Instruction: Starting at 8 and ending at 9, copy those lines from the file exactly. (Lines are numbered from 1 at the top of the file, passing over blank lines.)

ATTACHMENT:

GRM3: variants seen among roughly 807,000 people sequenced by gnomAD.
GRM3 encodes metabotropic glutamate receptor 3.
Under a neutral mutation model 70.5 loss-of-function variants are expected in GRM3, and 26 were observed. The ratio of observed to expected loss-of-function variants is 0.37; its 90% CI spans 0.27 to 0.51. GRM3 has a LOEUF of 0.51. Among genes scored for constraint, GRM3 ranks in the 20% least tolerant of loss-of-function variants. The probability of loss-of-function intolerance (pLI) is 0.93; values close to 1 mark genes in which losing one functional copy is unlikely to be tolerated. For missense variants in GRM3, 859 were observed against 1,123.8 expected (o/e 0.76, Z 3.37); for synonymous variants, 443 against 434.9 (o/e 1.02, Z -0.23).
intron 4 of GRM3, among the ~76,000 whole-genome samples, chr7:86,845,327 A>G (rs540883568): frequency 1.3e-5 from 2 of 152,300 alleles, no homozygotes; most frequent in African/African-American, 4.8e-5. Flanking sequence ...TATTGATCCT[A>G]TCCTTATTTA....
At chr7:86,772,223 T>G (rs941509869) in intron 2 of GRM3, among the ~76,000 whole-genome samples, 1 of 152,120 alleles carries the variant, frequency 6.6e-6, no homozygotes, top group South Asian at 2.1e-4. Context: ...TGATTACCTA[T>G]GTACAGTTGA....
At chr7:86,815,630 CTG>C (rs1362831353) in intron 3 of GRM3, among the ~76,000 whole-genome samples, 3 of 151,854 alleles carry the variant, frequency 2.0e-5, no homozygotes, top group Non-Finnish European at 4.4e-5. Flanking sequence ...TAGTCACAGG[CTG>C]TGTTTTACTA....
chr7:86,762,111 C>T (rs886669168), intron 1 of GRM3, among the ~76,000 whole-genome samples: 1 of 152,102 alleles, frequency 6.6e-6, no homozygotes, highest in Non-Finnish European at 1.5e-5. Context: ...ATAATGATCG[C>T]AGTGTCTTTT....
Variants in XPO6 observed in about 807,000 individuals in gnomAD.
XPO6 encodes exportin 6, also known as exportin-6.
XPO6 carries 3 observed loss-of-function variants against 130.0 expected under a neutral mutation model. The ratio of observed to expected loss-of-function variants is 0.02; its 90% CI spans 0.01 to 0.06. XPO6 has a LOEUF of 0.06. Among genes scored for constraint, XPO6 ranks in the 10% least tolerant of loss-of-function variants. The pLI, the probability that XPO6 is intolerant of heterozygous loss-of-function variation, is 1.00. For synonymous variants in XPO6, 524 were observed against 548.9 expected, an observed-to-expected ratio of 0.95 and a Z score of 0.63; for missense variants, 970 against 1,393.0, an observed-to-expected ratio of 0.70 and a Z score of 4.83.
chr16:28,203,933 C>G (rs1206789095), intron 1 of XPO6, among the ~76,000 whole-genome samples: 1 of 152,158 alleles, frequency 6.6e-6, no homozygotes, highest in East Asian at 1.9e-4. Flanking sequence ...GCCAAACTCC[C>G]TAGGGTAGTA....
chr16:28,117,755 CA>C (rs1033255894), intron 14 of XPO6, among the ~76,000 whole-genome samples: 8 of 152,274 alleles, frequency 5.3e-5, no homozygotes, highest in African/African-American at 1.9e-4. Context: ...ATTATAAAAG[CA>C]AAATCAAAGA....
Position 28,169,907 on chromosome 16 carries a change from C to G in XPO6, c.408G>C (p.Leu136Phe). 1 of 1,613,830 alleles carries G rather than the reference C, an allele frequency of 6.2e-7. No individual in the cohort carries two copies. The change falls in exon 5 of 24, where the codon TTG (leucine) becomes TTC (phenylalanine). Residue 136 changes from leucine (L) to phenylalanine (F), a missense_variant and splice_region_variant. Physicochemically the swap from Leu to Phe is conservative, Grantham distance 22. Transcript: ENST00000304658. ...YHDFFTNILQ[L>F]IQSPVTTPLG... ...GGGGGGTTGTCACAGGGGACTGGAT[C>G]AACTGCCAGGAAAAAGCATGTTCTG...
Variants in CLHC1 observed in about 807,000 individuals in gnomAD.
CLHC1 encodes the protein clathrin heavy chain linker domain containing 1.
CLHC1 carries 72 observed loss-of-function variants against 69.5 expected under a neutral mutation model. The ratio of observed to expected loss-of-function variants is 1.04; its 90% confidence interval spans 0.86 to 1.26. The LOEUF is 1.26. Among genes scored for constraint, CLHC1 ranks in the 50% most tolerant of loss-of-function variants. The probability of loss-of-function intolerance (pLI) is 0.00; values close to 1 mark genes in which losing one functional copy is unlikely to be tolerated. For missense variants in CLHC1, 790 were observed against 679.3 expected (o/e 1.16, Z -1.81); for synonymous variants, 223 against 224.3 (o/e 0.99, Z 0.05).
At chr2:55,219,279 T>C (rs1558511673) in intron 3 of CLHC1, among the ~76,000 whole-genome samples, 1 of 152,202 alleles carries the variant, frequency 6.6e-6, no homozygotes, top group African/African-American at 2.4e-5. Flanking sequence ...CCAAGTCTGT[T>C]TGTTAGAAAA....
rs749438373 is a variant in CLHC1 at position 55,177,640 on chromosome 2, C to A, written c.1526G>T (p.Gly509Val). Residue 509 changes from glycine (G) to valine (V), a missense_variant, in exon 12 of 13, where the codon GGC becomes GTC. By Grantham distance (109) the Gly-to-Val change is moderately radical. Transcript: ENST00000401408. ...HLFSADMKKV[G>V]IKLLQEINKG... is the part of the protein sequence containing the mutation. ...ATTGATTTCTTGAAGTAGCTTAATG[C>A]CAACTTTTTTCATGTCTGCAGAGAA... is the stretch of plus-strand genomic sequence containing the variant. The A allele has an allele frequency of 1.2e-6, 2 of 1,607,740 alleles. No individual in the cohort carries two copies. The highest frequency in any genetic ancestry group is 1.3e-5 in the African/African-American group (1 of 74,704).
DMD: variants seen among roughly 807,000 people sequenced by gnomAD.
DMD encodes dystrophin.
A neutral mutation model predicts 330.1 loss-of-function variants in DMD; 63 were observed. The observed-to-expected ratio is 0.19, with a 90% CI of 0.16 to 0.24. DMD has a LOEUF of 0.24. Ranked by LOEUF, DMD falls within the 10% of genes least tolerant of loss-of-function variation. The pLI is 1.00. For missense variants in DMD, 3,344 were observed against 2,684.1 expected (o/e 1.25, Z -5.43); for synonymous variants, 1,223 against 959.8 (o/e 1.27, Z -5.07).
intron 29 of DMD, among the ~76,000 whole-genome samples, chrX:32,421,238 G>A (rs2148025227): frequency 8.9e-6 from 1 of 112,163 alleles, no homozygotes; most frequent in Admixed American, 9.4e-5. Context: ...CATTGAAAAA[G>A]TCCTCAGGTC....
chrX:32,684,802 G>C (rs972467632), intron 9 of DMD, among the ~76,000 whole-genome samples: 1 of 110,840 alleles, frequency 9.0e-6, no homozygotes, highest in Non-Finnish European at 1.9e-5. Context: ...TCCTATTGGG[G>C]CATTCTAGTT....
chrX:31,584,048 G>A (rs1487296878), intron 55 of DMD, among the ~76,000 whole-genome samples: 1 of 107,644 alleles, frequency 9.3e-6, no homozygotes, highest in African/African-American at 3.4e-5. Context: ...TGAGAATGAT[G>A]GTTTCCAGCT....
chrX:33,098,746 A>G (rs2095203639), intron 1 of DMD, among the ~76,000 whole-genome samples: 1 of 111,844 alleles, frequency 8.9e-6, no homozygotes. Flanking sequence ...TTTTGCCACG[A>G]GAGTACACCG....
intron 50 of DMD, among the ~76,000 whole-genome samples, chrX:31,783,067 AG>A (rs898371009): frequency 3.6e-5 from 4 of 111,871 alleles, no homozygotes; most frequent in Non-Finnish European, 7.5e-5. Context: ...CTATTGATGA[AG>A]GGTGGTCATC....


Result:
Variants in XPO6 observed in about 807,000 individuals in gnomAD.
XPO6 encodes exportin 6, also known as exportin-6.